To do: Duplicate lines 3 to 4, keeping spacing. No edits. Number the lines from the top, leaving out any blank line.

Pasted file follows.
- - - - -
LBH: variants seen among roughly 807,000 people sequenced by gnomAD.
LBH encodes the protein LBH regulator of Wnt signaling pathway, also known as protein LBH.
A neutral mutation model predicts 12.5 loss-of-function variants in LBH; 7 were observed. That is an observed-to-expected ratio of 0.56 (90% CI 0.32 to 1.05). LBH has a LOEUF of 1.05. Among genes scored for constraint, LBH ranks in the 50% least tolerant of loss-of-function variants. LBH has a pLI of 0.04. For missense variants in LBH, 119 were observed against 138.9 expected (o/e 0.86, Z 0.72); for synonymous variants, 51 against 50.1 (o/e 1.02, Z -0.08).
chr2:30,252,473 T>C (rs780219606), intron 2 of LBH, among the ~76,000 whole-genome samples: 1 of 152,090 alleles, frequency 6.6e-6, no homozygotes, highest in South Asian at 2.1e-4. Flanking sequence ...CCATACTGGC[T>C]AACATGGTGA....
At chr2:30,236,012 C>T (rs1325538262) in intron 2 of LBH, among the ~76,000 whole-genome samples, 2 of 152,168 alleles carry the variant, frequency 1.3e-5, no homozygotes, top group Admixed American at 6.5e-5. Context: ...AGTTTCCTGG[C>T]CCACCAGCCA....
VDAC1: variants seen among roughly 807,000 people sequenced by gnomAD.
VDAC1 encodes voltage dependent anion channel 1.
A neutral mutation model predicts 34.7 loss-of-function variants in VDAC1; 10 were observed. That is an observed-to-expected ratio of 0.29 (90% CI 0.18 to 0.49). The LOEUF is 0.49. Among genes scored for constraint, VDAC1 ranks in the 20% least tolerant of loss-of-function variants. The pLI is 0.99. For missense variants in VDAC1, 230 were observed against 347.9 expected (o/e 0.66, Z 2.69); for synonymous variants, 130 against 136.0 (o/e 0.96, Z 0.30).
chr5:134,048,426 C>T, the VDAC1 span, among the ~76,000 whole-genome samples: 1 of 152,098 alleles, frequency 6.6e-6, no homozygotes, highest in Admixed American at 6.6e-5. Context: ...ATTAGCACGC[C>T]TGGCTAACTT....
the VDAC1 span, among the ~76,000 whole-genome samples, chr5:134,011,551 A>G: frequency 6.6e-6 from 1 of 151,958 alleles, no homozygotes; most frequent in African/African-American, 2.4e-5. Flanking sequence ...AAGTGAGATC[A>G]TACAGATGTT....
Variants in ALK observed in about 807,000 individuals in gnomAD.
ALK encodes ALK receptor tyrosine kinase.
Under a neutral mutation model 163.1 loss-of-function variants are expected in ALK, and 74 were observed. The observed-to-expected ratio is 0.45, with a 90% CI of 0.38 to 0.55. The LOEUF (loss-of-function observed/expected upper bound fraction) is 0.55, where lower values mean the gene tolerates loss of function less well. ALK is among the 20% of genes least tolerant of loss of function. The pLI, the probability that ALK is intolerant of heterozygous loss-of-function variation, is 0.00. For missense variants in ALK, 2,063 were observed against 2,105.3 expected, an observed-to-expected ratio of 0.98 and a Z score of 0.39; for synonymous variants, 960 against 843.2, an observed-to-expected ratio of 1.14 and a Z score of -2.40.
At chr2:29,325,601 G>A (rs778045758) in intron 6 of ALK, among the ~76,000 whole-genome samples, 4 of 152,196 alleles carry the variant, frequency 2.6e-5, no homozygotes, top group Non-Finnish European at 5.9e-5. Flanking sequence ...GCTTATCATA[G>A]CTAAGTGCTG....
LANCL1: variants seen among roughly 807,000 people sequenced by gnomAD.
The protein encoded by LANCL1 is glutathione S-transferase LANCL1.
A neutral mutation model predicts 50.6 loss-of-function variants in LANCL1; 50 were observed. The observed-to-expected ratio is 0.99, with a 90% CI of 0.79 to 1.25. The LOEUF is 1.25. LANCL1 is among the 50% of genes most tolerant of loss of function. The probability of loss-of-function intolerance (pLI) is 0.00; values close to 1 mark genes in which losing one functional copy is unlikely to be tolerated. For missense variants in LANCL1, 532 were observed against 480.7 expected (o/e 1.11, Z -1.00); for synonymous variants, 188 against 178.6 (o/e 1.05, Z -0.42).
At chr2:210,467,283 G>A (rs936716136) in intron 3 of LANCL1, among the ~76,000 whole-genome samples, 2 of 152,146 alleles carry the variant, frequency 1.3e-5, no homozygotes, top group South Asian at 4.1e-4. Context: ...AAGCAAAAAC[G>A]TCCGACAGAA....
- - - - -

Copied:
A neutral mutation model predicts 12.5 loss-of-function variants in LBH; 7 were observed. That is an observed-to-expected ratio of 0.56 (90% CI 0.32 to 1.05). LBH has a LOEUF of 1.05. Among genes scored for constraint, LBH ranks in the 50% least tolerant of loss-of-function variants. LBH has a pLI of 0.04. For missense variants in LBH, 119 were observed against 138.9 expected (o/e 0.86, Z 0.72); for synonymous variants, 51 against 50.1 (o/e 1.02, Z -0.08).
chr2:30,252,473 T>C (rs780219606), intron 2 of LBH, among the ~76,000 whole-genome samples: 1 of 152,090 alleles, frequency 6.6e-6, no homozygotes, highest in South Asian at 2.1e-4. Flanking sequence ...CCATACTGGC[T>C]AACATGGTGA....